Mother Pelican
A Journal of Solidarity and Sustainability

Vol. 12, No. 3, March 2016
Luis T. Gutiérrez, Editor
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Cuba: Case Example of Solidarity and Sustainability?

Jörg Friedrichs

This article was originally published as part of a book:

The Future Is Not What It Used to Be:
Climate Change and Energy Scarcity

MIT Press, 2013


The future is not what it used to be because we can no longer rely on the comforting assumption that it will resemble the past. Past abundance of fuel, for example, does not imply unending abundance. Infinite growth on a finite planet is not possible.

In this book, Jörg Friedrichs argues that industrial society itself is transitory, and he examines the prospects for our civilization’s coming to terms with its two most imminent choke points: climate change and energy scarcity. He offers a thorough and accessible account of these two challenges as well as the linkages between them.

Friedrichs contends that industrial civilization cannot outlast our ability to burn fossil fuels and that the demise of industrial society would entail cataclysmic change, including population decreases. To understand the social and political implications, he examines historical cases of climate stress and energy scarcity: devastating droughts in the ancient Near East; the Little Ice Age in the medieval Far North; the Japanese struggle to prevent “fuel starvation” from 1918 to 1945; the “totalitarian retrenchment” of the North Korean governing class after the end of Soviet oil deliveries; and Cuba’s socioeconomic adaptation to fuel scarcity in the 1990s. He draws important lessons about the likely effects of climate and energy disruptions on different kinds of societies.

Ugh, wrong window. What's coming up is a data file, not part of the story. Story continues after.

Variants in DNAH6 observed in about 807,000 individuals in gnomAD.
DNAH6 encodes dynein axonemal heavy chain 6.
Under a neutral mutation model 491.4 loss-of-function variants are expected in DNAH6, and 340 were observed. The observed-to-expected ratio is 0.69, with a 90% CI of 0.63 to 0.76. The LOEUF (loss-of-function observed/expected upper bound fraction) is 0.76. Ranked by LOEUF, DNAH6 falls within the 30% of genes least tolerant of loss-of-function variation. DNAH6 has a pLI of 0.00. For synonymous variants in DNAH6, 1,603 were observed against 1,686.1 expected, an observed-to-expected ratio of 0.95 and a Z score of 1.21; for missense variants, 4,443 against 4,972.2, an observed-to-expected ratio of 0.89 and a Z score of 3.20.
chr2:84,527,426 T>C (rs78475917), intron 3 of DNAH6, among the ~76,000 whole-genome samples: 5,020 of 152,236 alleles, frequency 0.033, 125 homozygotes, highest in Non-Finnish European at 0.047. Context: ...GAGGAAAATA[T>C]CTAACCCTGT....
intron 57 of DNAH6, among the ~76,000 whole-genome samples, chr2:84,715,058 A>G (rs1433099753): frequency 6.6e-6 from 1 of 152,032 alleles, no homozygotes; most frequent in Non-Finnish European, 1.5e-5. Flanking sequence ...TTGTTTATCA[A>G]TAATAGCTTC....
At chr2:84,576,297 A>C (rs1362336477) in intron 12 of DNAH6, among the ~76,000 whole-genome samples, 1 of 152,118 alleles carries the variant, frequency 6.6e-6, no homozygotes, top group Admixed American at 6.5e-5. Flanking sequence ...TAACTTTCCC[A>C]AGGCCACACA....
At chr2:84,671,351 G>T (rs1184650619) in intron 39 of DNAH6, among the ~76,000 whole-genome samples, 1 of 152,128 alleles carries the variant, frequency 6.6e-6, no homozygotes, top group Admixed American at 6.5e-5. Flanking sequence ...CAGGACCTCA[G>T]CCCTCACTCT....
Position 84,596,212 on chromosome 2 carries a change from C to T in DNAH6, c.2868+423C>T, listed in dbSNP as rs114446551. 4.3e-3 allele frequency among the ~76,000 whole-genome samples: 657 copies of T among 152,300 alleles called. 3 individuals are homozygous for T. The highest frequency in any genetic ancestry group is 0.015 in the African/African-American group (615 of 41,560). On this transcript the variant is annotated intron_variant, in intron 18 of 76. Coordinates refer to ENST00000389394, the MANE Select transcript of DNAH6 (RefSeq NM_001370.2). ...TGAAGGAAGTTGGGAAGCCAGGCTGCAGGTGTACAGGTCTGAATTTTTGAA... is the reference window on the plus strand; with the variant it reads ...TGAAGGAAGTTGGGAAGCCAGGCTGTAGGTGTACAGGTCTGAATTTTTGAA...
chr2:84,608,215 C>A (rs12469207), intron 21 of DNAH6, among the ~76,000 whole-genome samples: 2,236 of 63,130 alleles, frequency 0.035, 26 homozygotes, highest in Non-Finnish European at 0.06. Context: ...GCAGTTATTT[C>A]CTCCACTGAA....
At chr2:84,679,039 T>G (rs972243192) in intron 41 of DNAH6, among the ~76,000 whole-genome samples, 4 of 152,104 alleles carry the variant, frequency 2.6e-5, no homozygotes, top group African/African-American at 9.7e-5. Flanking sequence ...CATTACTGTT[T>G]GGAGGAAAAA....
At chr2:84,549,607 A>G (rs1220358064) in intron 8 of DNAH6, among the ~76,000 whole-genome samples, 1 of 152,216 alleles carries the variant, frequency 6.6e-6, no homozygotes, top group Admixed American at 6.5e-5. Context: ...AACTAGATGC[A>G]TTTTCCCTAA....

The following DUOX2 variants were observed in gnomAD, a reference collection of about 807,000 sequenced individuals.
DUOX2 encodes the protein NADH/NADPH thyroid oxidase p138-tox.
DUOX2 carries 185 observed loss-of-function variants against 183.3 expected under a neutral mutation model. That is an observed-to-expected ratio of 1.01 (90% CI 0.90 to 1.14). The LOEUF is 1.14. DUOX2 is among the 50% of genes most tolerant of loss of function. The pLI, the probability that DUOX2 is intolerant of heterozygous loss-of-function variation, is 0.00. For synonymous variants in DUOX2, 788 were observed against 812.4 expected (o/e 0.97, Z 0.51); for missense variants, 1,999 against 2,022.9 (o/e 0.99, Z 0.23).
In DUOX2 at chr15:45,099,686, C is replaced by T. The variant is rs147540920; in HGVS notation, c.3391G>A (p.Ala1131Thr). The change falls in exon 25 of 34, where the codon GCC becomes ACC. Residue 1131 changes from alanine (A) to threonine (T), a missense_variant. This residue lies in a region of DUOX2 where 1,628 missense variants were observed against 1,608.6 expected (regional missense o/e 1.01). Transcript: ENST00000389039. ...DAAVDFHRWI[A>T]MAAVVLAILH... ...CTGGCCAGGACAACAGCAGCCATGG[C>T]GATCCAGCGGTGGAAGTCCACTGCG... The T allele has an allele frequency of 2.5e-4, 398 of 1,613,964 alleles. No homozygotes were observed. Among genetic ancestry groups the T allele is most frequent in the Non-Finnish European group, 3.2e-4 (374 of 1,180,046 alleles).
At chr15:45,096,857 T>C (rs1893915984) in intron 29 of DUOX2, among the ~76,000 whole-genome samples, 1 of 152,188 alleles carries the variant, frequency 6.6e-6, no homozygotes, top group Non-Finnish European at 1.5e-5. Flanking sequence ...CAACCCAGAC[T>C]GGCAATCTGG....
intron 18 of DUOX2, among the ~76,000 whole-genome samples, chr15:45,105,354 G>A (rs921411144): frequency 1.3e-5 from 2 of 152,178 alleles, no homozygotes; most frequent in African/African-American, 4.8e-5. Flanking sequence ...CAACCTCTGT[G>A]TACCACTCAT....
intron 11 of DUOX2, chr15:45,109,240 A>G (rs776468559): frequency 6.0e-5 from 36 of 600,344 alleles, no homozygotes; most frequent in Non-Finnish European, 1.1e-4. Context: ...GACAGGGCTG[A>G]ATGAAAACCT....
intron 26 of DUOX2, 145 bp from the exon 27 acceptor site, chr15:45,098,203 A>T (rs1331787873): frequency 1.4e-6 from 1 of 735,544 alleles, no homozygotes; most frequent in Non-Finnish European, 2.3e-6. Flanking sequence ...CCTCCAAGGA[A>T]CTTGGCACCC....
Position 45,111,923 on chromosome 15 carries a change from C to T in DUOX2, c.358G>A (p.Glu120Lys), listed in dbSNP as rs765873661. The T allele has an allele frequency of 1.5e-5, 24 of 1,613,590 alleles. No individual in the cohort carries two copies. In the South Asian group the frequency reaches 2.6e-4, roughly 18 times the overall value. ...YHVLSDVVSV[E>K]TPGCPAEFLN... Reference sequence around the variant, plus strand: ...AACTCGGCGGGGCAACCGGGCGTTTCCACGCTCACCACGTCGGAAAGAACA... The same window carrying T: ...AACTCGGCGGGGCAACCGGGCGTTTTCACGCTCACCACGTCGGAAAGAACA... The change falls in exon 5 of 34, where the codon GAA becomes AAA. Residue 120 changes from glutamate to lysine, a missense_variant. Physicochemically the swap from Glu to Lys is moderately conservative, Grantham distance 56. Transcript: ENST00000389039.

The warnings of climate scientists are met by denial and inaction, while energy experts offer little guidance on the effects of future scarcity. Friedrichs suggests that to confront our predicament we must affirm our core values and take action to transform our way of life. Whether we are private citizens or public officials, complacency is not an option: climate change and energy scarcity are emerging facts of life.

Socioeconomic Adaptation: Cuba, 1990s

Cuba and North Korea have much in common. Both are socialist developing countries and centrally planned economies. During the Cold War, both countries thrived on subsidized imports of oil and other goods from the communist world and had an industrialized agriculture based on the wasteful use of fuel, fertilizer, pesticides, electricity, and other inputs. With the demise of the Soviet Union in the early 1990s, both countries plunged into a deep economic crisis due to the interruption of such subsidized imports.